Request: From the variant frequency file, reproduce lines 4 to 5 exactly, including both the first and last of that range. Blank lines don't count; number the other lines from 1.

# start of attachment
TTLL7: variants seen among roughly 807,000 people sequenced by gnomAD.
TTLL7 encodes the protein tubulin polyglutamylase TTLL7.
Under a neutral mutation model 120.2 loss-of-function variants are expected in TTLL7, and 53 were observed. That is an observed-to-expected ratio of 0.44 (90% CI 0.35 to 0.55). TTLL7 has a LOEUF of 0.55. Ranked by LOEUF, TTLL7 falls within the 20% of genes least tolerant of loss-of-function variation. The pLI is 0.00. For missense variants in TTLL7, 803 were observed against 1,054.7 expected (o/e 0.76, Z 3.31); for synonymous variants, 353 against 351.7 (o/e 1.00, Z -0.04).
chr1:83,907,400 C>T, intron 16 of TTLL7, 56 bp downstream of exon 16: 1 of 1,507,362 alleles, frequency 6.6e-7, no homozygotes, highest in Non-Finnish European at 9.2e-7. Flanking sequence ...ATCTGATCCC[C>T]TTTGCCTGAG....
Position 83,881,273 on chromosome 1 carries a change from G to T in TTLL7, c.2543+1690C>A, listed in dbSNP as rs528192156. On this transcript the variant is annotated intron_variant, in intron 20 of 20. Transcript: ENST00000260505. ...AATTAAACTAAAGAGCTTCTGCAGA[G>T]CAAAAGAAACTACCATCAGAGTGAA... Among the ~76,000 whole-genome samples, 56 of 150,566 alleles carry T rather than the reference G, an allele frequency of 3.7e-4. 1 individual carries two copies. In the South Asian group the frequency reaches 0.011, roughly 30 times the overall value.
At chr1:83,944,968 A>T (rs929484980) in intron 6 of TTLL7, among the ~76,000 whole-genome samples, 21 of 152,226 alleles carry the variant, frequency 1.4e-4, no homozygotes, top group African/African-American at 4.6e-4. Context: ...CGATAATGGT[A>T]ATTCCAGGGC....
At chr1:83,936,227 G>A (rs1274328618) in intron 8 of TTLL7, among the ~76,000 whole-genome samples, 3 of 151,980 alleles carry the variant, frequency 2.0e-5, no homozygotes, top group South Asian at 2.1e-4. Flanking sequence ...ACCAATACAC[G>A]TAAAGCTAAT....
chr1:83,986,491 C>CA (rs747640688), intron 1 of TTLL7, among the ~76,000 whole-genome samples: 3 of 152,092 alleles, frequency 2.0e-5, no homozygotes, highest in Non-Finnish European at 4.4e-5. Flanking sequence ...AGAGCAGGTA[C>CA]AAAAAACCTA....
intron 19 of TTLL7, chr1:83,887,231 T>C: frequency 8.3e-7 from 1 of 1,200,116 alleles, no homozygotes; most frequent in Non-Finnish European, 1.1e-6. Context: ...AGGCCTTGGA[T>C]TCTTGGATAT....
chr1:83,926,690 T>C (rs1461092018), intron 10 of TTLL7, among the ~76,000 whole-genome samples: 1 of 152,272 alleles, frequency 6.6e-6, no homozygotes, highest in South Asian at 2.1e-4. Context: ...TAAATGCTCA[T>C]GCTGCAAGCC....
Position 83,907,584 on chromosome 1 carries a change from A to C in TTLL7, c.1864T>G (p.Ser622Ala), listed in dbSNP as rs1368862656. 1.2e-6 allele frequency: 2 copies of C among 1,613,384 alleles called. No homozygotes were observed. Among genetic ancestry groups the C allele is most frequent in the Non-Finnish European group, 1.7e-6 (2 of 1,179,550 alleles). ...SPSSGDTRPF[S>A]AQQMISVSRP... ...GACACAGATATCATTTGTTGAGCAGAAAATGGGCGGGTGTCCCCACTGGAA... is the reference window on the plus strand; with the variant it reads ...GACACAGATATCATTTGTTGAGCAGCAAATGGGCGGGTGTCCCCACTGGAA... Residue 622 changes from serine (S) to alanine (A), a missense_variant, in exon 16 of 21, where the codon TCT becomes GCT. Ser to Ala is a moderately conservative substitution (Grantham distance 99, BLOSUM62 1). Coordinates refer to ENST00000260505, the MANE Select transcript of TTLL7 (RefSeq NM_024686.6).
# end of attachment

chr1:83,907,400 C>T, intron 16 of TTLL7, 56 bp downstream of exon 16: 1 of 1,507,362 alleles, frequency 6.6e-7, no homozygotes, highest in Non-Finnish European at 9.2e-7. Flanking sequence ...ATCTGATCCC[C>T]TTTGCCTGAG....
Position 83,881,273 on chromosome 1 carries a change from G to T in TTLL7, c.2543+1690C>A, listed in dbSNP as rs528192156. On this transcript the variant is annotated intron_variant, in intron 20 of 20. Transcript: ENST00000260505. ...AATTAAACTAAAGAGCTTCTGCAGA[G>T]CAAAAGAAACTACCATCAGAGTGAA... Among the ~76,000 whole-genome samples, 56 of 150,566 alleles carry T rather than the reference G, an allele frequency of 3.7e-4. 1 individual carries two copies. In the South Asian group the frequency reaches 0.011, roughly 30 times the overall value.